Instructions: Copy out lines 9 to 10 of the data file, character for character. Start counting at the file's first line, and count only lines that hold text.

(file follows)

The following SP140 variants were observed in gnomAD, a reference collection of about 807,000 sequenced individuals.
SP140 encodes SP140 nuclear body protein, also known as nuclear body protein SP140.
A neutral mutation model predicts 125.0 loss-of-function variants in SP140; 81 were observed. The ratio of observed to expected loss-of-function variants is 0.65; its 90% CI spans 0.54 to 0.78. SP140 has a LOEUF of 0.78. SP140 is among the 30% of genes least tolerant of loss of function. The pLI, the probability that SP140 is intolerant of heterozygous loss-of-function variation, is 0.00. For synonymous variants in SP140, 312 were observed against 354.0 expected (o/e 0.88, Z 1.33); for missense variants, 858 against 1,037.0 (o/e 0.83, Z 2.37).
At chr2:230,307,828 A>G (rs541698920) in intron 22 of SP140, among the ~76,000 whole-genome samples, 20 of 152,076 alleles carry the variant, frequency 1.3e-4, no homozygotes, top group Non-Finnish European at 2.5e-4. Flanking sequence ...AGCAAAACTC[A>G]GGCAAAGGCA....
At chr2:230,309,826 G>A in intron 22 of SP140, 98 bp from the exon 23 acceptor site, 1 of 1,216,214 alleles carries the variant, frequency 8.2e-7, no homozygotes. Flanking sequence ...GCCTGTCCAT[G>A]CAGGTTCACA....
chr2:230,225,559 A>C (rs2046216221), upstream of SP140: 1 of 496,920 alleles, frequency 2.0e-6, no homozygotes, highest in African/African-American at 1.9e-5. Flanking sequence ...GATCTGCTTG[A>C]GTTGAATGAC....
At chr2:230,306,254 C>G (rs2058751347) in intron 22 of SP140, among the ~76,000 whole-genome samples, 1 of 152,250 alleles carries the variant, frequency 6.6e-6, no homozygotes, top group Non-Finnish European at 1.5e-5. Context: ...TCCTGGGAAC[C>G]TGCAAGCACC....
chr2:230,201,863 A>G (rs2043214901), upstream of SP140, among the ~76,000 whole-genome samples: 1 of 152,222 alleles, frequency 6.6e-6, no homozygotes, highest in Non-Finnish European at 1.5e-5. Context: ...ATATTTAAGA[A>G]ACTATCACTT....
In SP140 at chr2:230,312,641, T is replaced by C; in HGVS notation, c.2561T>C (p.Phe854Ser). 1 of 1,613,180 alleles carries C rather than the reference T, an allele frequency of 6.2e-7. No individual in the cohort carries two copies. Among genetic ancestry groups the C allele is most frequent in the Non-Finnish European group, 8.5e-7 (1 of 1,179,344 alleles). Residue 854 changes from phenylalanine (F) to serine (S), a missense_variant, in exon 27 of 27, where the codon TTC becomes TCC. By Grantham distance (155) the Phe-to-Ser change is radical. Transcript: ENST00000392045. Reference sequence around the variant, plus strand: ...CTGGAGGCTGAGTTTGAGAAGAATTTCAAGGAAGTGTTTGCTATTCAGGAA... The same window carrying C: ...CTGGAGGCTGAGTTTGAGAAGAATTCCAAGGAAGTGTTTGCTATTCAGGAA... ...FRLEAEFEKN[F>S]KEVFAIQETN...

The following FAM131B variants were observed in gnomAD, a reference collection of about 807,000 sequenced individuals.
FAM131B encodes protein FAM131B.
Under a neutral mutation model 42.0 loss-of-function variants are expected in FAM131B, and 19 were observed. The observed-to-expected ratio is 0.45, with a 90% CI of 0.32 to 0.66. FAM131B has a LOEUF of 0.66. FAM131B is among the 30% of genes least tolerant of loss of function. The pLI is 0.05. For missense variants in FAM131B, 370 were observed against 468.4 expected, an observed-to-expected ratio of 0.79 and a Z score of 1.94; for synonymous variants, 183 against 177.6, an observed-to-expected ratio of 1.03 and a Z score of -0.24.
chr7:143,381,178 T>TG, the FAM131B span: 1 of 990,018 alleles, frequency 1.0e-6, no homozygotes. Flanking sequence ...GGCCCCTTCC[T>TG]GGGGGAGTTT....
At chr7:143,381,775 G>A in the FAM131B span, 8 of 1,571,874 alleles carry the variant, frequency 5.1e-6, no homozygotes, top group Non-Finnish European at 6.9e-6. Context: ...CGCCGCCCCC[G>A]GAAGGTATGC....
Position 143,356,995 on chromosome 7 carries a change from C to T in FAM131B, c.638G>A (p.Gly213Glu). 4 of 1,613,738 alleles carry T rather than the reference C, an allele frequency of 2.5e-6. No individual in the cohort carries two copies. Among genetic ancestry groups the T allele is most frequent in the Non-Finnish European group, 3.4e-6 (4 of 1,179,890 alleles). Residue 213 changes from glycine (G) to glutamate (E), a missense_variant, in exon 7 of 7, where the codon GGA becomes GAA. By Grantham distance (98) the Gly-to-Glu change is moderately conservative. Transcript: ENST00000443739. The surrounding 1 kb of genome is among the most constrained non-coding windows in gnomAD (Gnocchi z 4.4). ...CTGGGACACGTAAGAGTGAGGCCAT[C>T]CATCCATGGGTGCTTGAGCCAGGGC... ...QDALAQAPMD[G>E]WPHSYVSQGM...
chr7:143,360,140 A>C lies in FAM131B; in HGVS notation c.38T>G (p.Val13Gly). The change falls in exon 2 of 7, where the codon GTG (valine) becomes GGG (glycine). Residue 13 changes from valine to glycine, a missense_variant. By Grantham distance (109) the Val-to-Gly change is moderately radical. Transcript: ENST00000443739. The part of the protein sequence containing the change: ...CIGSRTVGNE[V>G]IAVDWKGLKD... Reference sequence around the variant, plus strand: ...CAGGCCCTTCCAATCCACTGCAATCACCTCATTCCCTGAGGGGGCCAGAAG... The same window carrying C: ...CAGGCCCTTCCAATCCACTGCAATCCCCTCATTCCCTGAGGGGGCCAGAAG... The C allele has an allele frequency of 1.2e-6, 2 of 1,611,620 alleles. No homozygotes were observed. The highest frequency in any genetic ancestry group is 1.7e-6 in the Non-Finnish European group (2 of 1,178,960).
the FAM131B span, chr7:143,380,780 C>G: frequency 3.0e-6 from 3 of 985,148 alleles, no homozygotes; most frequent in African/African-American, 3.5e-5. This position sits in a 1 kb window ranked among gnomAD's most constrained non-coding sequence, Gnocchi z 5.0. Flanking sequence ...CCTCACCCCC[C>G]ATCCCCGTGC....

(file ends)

In SP140 at chr2:230,312,641, T is replaced by C; in HGVS notation, c.2561T>C (p.Phe854Ser). 1 of 1,613,180 alleles carries C rather than the reference T, an allele frequency of 6.2e-7. No individual in the cohort carries two copies. Among genetic ancestry groups the C allele is most frequent in the Non-Finnish European group, 8.5e-7 (1 of 1,179,344 alleles). Residue 854 changes from phenylalanine (F) to serine (S), a missense_variant, in exon 27 of 27, where the codon TTC becomes TCC. By Grantham distance (155) the Phe-to-Ser change is radical. Transcript: ENST00000392045. Reference sequence around the variant, plus strand: ...CTGGAGGCTGAGTTTGAGAAGAATTTCAAGGAAGTGTTTGCTATTCAGGAA... The same window carrying C: ...CTGGAGGCTGAGTTTGAGAAGAATTCCAAGGAAGTGTTTGCTATTCAGGAA... ...FRLEAEFEKN[F>S]KEVFAIQETN...

The following FAM131B variants were observed in gnomAD, a reference collection of about 807,000 sequenced individuals.